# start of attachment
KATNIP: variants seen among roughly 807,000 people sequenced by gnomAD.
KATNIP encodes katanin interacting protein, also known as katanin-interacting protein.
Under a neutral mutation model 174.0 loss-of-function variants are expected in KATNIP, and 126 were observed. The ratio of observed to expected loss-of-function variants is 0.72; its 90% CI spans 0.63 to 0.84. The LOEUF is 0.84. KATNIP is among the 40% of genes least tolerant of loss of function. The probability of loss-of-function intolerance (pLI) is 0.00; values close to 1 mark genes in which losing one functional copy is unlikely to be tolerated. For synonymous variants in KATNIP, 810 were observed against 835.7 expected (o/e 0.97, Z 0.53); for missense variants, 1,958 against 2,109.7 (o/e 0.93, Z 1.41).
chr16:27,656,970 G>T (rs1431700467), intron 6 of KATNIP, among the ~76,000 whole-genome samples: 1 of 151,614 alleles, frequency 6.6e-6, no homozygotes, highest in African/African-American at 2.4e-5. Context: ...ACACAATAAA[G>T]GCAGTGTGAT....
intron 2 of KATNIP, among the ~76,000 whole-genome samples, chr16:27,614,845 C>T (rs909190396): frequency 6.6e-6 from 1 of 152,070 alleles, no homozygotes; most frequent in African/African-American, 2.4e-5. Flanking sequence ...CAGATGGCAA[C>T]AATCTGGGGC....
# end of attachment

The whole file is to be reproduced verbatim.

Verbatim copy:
KATNIP: variants seen among roughly 807,000 people sequenced by gnomAD.
KATNIP encodes katanin interacting protein, also known as katanin-interacting protein.
Under a neutral mutation model 174.0 loss-of-function variants are expected in KATNIP, and 126 were observed. The ratio of observed to expected loss-of-function variants is 0.72; its 90% CI spans 0.63 to 0.84. The LOEUF is 0.84. KATNIP is among the 40% of genes least tolerant of loss of function. The probability of loss-of-function intolerance (pLI) is 0.00; values close to 1 mark genes in which losing one functional copy is unlikely to be tolerated. For synonymous variants in KATNIP, 810 were observed against 835.7 expected (o/e 0.97, Z 0.53); for missense variants, 1,958 against 2,109.7 (o/e 0.93, Z 1.41).
chr16:27,656,970 G>T (rs1431700467), intron 6 of KATNIP, among the ~76,000 whole-genome samples: 1 of 151,614 alleles, frequency 6.6e-6, no homozygotes, highest in African/African-American at 2.4e-5. Context: ...ACACAATAAA[G>T]GCAGTGTGAT....
intron 2 of KATNIP, among the ~76,000 whole-genome samples, chr16:27,614,845 C>T (rs909190396): frequency 6.6e-6 from 1 of 152,070 alleles, no homozygotes; most frequent in African/African-American, 2.4e-5. Flanking sequence ...CAGATGGCAA[C>T]AATCTGGGGC....